Sharing, not caring: Users pass around credentials

One of the most basic security mistakes out there is sharing account credentials and passwords. A new study finds many users are guilty of it – and plenty don’t even realize it’s a security risk.

An IS Decisions report, dramatically titled “From Brutus to Snowden: Anatomy of an Insider Threat,” polled users in the United States and UK on their habits around sharing credentials.

What it found wasn’t too encouraging:

  • 51% said they never share passwords or log-in details
  • 23% said they shared with one or more co-worker
  • 10% shared with a manager
  • 10% indicated they shared them “when required,” and
  • 7% said they shared them with IT.

So while only 23% of users wanted to admit to sharing passwords, plenty of others saw situations where they felt like they had to share account log-ins.

Who’s giving info away?

The survey also indicates several characteristics of a password-sharer:

  • Age. Younger users are much more likely to give out credentials. The highest percentage of credential sharers was 16-24 year old employees. More than 65% of them shared log-in details, as opposed to 29.5% of the 55-and-older crowd.
  • Industry. Users in highly regulated fields such as telecom, human resources and legal shared at a higher rate (perhaps because they have more password-protected accounts).
  • Role. The further removed users were from the company, the more likely they were to share. So while managers were very unlikely to spill credentials, vendors (73%) and partners (46%) shared at higher-than-average rates.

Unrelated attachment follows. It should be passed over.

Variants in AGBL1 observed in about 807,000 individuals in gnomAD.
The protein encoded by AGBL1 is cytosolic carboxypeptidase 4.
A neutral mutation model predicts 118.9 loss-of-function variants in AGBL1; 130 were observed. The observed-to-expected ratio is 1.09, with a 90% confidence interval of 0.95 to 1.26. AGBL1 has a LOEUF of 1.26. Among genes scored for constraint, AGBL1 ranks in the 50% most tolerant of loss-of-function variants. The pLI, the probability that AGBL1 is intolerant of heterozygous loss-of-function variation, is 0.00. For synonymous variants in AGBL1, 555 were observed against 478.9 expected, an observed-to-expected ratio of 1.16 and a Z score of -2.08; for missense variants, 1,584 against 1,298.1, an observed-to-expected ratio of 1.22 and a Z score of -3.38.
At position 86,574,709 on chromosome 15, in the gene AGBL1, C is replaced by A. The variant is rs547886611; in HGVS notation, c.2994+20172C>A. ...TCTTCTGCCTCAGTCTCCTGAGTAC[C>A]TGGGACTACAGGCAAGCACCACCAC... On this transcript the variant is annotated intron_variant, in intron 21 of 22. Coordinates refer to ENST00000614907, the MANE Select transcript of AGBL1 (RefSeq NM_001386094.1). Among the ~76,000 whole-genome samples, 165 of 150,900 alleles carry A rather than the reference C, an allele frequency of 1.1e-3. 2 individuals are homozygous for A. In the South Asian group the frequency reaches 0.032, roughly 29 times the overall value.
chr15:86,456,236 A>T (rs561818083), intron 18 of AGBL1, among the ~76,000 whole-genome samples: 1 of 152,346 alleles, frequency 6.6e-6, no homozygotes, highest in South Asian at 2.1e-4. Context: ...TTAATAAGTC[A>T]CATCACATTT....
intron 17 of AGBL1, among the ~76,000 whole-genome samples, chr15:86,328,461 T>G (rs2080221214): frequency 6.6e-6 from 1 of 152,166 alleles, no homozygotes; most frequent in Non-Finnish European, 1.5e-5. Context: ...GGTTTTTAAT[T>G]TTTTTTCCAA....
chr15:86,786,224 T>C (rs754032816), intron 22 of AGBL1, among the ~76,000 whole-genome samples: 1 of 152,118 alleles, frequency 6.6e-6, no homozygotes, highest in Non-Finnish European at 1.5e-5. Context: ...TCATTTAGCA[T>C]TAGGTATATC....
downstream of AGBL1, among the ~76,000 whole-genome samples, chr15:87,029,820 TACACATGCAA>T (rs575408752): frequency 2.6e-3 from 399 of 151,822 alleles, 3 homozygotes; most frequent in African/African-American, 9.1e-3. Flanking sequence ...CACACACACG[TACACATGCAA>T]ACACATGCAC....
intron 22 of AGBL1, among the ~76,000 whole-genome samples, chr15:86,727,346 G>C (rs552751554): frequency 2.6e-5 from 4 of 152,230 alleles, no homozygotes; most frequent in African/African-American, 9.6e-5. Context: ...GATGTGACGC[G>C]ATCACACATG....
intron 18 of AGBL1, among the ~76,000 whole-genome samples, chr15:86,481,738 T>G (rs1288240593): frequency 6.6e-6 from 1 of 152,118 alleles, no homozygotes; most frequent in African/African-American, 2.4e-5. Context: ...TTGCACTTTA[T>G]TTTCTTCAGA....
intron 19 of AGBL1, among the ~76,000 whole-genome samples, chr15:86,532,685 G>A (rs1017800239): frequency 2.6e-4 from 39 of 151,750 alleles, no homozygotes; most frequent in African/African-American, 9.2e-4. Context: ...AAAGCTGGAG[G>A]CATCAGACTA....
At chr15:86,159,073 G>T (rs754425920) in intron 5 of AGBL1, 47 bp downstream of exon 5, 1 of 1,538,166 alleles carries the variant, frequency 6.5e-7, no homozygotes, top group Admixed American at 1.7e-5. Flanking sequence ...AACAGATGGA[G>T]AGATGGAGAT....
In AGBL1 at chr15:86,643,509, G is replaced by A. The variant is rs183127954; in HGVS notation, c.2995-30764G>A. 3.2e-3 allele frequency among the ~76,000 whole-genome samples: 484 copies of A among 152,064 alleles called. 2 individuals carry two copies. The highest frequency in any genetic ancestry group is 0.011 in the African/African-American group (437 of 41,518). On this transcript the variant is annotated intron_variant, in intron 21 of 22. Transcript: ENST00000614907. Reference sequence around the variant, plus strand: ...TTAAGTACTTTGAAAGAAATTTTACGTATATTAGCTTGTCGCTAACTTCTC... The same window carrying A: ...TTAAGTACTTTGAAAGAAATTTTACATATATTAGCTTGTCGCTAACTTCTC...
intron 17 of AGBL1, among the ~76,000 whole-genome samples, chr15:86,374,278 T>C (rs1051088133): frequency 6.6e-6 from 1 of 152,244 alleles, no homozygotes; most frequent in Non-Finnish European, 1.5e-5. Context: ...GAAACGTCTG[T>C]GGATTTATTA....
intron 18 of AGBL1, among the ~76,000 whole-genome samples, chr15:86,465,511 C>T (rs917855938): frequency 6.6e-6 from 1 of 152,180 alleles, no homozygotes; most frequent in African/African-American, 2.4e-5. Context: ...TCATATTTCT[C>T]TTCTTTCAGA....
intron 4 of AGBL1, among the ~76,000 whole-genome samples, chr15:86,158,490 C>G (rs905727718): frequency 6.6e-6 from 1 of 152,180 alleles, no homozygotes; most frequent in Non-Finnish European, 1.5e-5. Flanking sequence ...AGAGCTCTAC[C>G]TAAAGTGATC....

Tighten up control

You’ll definitely want to train users on and remind them of your password policies (check out our sample password policy template here).

Other steps to take:

  • Set clear rules for outsiders. Make sure vendors and partners sign off that they won’t share passwords and credentials with others inside or outside of the organization.
  • Explain the risk. More than 36% of employees said they would be able to access data from a previous employer after leaving. Remind users that it’s important to keep account info close to the vest to prevent snooping later on.
  • Restrict concurrent access. Make sure accounts can only be used to access services on one machine at one time, and
  • Revoke credentials quickly. As soon as someone leaves your organization, delete their account info.